Why Eastern Europeans Want More Sugar in Their Sprite
The new push for a "multi-speed Europe," in which only those countries that want a closer union pursue it, will almost inevitably fuel resentment in Eastern Europe, where politicians are already up in arms about being treated as second-class Europeans.
A battle over food quality has become a major proxy for that resentment. The Visegrad Four -- Poland, the Czech Republic, Slovakia and Hungary -- are now working to get the European Union to acknowledge that some members are being treated less equally than others when it comes to what they eat.
In recent months, Slovakia and Hungary tested a number of branded products and found that in many cases multinational producers skimp on ingredients for products sold in Eastern Europe, substituting animal fats for vegetable ones, lowering meat and fish content, adding sweeteners instead of sugar, artificial flavors instead of fruit, palm oil instead of sunflower oil. Sprite sold in the Czech Republic contains artificial sweeteners, fructose and glucose syrup, while in Germany it's sweetened with sugar only.
The issue is not new -- studies have for years found differences in the composition of branded products sold in different European countries. Producers respond that such differences are designed to cater to local tastes (for example, Czech Sprite is identical to the product sold in the U.S. and Spain, though indeed not in Germany). There is no law that says food companies must sell exactly the same product everywhere even if they use identical branding and packaging. And the EU has rightly refused to interfere, saying concerned consumers should read the EU-regulated labels that list the ingredients and not buy a product if they don't like what they see.
But the issue keeps festering. Late last year, a Czech poll found that 88 percent of consumers were concerned about being sold inferior-quality products, and 77 percent disagreed with the producers' arguments. Some Czech and Slovak families make a point of shopping across the border in Austria -- even for products that official tests show have the same ingredients. To the populist, euro-skeptic Hungarian government, the different ingredient lists are a "food scandal."
Dual food standards were on the agenda of the EU's Agriculture and Fisheries council this week. European Commissioner Vera Jourova, representing the Czech Republic, tweeted about it in English and in Czech. "We take this issue very seriously," she wrote.
The EU can do little about product unification. Mandating that products under the same brands taste the same and use the same ingredients everywhere would be just the kind of EU overregulation of which the bloc is often accused. It would also ignore the legitimate argument that national tastes differ -- and, yes, so does purchasing power. Producers don't claim a brand means absolute geographic uniformity, so they aren't even guilty of false advertising.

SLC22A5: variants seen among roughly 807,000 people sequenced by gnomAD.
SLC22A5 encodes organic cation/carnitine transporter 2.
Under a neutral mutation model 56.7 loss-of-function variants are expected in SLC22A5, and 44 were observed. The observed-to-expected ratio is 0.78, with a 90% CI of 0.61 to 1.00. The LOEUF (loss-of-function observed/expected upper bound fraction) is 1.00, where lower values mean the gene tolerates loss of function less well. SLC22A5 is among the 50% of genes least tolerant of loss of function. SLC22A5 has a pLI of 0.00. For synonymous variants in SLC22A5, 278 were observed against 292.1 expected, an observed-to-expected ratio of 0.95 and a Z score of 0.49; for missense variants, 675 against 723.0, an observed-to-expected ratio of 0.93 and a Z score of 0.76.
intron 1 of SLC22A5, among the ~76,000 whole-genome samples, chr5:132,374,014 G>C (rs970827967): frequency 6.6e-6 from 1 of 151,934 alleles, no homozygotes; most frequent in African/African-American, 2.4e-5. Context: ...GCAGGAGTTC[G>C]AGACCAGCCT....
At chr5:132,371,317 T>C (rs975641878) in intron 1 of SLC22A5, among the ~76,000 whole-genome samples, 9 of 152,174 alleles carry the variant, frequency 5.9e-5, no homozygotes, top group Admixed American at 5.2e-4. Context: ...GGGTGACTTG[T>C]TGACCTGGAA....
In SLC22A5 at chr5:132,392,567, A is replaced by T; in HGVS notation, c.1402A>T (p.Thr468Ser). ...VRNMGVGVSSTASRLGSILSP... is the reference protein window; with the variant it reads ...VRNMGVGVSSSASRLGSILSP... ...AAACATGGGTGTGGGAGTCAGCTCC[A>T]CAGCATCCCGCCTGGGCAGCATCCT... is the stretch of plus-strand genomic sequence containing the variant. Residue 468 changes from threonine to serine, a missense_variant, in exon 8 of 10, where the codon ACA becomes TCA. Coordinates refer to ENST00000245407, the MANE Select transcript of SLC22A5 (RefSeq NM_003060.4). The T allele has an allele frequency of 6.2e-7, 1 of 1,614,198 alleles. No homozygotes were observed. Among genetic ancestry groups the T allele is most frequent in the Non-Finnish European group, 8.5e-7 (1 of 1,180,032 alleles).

The Eastern European governments probably understand this -- at least, they've heard it many times before. Yet they persist, because the food issue is a proxy for other gripes. In the 25 years since the fall of the Berlin Wall, the economic differences between Eastern and Western Europe haven't dissipated, even to the extent that they've leveled out in Germany since its unification. In eastern German states, the average salary is about two-thirds as high as in the western ones; no Eastern European country except Slovenia has reached half the average German salary level.
Eastern European countries make up the top 7 EU nations in intra-EU migration. Young people leave Romania, Poland, Hungary, Slovakia and the Baltic States in search of better work and more useful university diplomas.
It's not as if Western Europe isn't trying to level things up. The eastern members are the biggest net recipients of EU funding. Still, big differences exist. And, on a micro level, much of the new industry built since Eastern European countries joined the EU -- such as Slovakia's car factories, whose output provides 13 percent of the country's gross domestic product and more than 40 percent of its industrial output -- depends on Eastern Europeans' relatively low wages, and thus perpetuates the economic inequality.
For the benefits of membership, Eastern Europeans have long tolerated somewhat condescending treatment from the EU's founding states. Now, the nationalist governments in Hungary and Poland are setting a different kind of example. Hungary is defiantly attempting to set a conservative agenda on immigration. Poland ignores EU calls for greater judicial and media independence from the government.
Most of the Eastern European countries still have their own currencies. Some of them, despite joining the EU, have kept the post-Communist oligarchic economic model. So it's highly probable that if Europe officially goes multispeed, they will remain in the low-speed tier, slowing the pro-Western momentum they developed in the 2000s. Perhaps that's only fair: The EU's formal criteria for expansion underestimated the legacy of the East's Communist heritage.
It will probably take a successful push toward a closer union by an EU core for the Eastern European countries to start worrying about being left behind. At this point, Eastern Europeans have a major chip on their shoulder. By complaining about food ingredients, they're trying to tell the rest of the EU something far more important -- something few people in Berlin, Paris, Rome, Madrid and Brussels are in the mood to hear.
This column does not necessarily reflect the opinion of the editorial board or Bloomberg LP and its owners.
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